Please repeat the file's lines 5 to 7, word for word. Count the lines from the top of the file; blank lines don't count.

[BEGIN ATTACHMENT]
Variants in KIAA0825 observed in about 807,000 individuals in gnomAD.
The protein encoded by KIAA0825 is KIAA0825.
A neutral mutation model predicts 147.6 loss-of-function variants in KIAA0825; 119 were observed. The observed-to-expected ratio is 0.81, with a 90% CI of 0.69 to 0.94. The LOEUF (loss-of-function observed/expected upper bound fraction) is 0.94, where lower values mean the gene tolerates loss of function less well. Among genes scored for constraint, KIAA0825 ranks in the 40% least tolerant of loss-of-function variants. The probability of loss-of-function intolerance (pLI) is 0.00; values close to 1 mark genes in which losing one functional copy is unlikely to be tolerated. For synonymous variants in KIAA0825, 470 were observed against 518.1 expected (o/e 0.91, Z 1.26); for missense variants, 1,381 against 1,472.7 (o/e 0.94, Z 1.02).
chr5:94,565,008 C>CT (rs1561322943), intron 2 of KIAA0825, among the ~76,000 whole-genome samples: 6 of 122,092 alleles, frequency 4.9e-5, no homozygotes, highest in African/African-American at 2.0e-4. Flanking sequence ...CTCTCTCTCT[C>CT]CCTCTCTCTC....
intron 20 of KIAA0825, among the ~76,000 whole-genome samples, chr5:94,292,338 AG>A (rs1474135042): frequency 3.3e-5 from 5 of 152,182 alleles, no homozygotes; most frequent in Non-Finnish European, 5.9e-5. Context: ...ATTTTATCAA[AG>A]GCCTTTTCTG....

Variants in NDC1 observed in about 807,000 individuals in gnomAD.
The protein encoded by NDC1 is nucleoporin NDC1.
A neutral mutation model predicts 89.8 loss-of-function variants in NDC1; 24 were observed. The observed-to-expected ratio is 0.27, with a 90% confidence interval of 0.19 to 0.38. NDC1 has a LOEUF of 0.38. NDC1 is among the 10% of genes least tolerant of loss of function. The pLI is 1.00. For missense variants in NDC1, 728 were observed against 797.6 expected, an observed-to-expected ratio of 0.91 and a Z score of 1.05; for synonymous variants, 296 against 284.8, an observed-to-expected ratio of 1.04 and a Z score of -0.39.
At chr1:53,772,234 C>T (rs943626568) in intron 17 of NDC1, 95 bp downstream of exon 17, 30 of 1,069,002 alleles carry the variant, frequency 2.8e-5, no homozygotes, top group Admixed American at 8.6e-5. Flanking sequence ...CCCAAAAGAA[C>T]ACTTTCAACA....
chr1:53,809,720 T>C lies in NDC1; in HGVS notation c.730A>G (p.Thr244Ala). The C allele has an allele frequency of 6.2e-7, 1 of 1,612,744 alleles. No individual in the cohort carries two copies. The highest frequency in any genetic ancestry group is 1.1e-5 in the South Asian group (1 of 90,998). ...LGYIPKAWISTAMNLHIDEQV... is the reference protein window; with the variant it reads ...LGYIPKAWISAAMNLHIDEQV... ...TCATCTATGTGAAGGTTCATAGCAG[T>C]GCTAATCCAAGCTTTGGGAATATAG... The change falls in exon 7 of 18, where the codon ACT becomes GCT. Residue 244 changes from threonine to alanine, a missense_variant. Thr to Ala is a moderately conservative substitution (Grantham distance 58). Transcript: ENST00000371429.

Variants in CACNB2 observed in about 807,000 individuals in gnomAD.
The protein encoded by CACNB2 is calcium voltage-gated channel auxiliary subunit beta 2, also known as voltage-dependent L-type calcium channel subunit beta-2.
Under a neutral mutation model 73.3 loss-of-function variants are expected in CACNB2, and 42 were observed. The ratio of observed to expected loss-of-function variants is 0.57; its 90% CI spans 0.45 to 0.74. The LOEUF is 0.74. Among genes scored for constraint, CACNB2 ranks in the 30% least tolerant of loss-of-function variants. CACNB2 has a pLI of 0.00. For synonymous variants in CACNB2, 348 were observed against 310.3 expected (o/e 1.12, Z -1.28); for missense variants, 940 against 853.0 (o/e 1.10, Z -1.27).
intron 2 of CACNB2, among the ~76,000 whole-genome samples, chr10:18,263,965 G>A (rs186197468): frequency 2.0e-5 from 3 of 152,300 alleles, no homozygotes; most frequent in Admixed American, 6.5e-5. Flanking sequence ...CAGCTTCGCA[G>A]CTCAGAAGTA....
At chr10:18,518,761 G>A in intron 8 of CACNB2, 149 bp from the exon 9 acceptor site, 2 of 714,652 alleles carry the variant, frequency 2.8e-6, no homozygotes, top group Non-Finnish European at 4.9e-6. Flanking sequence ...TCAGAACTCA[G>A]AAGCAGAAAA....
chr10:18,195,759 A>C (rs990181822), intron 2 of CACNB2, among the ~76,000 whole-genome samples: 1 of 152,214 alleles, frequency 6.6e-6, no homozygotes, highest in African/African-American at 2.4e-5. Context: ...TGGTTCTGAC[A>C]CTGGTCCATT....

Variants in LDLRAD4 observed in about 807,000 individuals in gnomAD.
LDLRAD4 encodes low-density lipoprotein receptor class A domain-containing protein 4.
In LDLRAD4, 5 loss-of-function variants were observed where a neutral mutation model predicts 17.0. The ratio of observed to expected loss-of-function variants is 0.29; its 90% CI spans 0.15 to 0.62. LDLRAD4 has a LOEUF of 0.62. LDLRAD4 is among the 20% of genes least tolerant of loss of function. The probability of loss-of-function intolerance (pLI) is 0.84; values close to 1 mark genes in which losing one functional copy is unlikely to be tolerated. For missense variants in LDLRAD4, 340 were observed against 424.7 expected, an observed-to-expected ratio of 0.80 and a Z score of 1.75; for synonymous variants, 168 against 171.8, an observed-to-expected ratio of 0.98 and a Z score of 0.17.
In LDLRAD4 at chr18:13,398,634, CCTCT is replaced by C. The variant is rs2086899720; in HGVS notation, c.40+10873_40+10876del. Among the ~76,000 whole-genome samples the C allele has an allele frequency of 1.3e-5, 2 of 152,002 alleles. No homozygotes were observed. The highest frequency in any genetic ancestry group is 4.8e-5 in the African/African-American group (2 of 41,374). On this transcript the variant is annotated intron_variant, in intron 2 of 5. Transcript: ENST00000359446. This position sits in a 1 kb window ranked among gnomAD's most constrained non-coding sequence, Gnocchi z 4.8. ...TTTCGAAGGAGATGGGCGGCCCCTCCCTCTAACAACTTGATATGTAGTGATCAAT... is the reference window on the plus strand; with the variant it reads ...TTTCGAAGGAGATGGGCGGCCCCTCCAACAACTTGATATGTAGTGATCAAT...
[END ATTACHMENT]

intron 20 of KIAA0825, among the ~76,000 whole-genome samples, chr5:94,292,338 AG>A (rs1474135042): frequency 3.3e-5 from 5 of 152,182 alleles, no homozygotes; most frequent in Non-Finnish European, 5.9e-5. Context: ...ATTTTATCAA[AG>A]GCCTTTTCTG....

Variants in NDC1 observed in about 807,000 individuals in gnomAD.
The protein encoded by NDC1 is nucleoporin NDC1.